About the Analysis
We conducted this analysis to evaluate, at a basic economic level, the benefits of breakthrough rates of innovation in clean technology using McKinsey and Company's US Low Carbon Economics Tool.
The model estimates potential changes in energy and the economy from different technology and policy inputs. It doesn't predict what will happen, but rather offers perspective on potential outcomes from different inputs, such as energy prices.
Google's energy team developed aggressive "breakthrough" cost/performance levels for solar photovoltaics (PV), concentrated solar power (CSP), on-shore and off-shore wind, geothermal including Enhanced Geothermal Systems, carbon capture and sequestration (CCS), nuclear, Plug-In Hybrid Electric Vehicles (PHEV), Hybrid Electric Vehicles (HEV), Battery Electric Vehicles (EV), rapid and long discharge grid-storage, and natural gas.
These breakthroughs were then modeled in 14 different technology, policy, and fuel price scenarios.
Download the full analysis to learn more about the potential impact of clean energy innovation.
Business as Usual
Continuation of Status Quo Innovation Rates, Energy Prices (Defined by US Energy Information Administration's Annual Energy Outlook 2011), and State and Federal Energy Policies.
Clean Power Breakthrough
This scenario modeled major clean energy technologies including nuclear, solar PV (Utility and Rooftop), solar CSP, on-shore & off-shore wind, geothermal including Enhanced Geothermal Systems (EGS), and new & retrofit CCS. In each case, we selected an extremely aggressive breakthrough LCOE level for 2020 and 2030. These rates were set by our own aspirational estimates of each technology's potential, informed by technical cost models and industry experts. State and federal policies remained the same as BAU.
Storage helps integrate intermittent renewables like wind and solar, shape demand, and prevent service interruptions. Two basic types of breakthroughs in grid-storage were modeled: short duration storage capable of discharging loads for less than 1 hour; and larger scale storage capable of discharging for over 1 hour. We then modeled five business cases for storage: 1) Frequency Regulation; 2) Load Following; 3) Price Arbitraging; 4) Capacity Deferment; and 5) Grid Reliability. State and federal policies remained the same as BAU.
Power, Storage, and EV Breakthroughs.
Electric Vehicle Breakthrough
This scenario modeled the impacts of battery breakthroughs on PHEV, HEV, and EV vehicles. Vehicle adoption was driven by a consumer choice model which was triggered by total cost of ownership (TCO) and vehicle range, in competition with Compressed Natural Gas (CNG) and conventional Internal Combustion Engine vehicles (ICE). Impacts were modeled for both the light duty and medium duty vehicle segments. Breakthrough energy densities were not high enough to displace long-haul heavy trucks, so they were not covered by this model. State and federal policies remained the same as BAU.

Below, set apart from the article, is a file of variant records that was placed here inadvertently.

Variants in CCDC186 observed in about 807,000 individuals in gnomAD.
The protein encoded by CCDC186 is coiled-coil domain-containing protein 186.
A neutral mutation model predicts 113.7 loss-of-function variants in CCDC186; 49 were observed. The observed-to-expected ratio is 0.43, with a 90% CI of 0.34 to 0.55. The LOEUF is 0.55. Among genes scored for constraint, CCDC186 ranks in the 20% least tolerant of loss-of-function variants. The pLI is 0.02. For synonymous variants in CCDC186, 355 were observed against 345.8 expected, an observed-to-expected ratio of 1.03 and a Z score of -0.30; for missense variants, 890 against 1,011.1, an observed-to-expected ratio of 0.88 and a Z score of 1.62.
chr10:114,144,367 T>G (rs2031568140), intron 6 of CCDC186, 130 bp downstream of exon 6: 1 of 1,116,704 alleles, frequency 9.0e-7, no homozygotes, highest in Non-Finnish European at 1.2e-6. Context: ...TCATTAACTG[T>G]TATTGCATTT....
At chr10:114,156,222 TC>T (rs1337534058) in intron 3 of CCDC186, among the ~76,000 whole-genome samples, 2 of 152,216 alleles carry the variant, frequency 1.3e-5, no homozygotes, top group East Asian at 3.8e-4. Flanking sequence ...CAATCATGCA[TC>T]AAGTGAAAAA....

$30/Ton Carbon Price
This scenario models a power sector-only carbon price used to fund a cut in corporate and individual income tax rates. The $30/ton price was chose for its ability to cause natural-gas generation to be dispatched ahead of coal, since the carbon intensity of coal generation can be more than double that of combined cycle gas turbines. Absent very aggressive cost reductions in clean energy, much higher natural gas prices, or regulation on natural gas, a price on carbon below $30/ton may not sufficiently incentivize cleaner sources.
$30/Ton Carbon Price + Breakthrough
$30/ton Power Sector Only Price on Carbon with Power, Storage, and EV Breakthroughs.
The Clean Policy scenario models a package of mandates, standards, and incentives. It includes: a national CES of 15% by 2020 and 25% by 2030; national EERS of 5% by 2020 and 10% by 2030 (roughly 20% capture of total energy efficiency potential); extension of PTC and ITC through 2030 capped at $10 billion annually along with loan guarantees for all clean technologies capitalized at $15 billion; CAFE standards are increased by 4%/year from 2016 to 2025, 1%/year thereafter for LDVs; and coal retirements of roughly 55GW by 2020 based on strict EPA regulations along with tightening of SOx/NOx caps, MACT/HAPs, transport rule 316b (cooling towers), and CCR (ash disposal).
Clean Policy + Breakthrough
This scenario uses the same policies as "Clean Policy" but integrates breakthroughs in Power, Storage, and EVs.
$3 Natural Gas
Natural Gas has undergone a revolution in just the last few years driven by the advent of shale technology. What if innovation in gas technology continues, bringing additional low-cost resources online? To model gas innovation (and assuming shale gas is not heavily regulated), gas prices were held at the arbitrarily low level of $3/MMBTU and assumed to have sufficient supply to meet all demand.
$3 Natural Gas + Breakthrough
$3/MMBTU Natural Gas Price Through 2030 with Power, Storage, and EV Breakthroughs.
This scenario models breakthroughs in Power, Storage, and EVs. Except instead of starting breakthrough learning curves in 2010, they start in 2015 from the 2015 BAU level.
Commodity prices for oil and natural gas were were pegged at 50% above those from the US Energy Information Administration's AEO 2011 projections.
High Commodities + Breakthrough
High commodity prices plus breakthroughs in Power, Storage, and EVs. Commodity prices for oil and natural gas were were pegged at 50% above those from the US Energy Information Administration's AEO 2011 projections.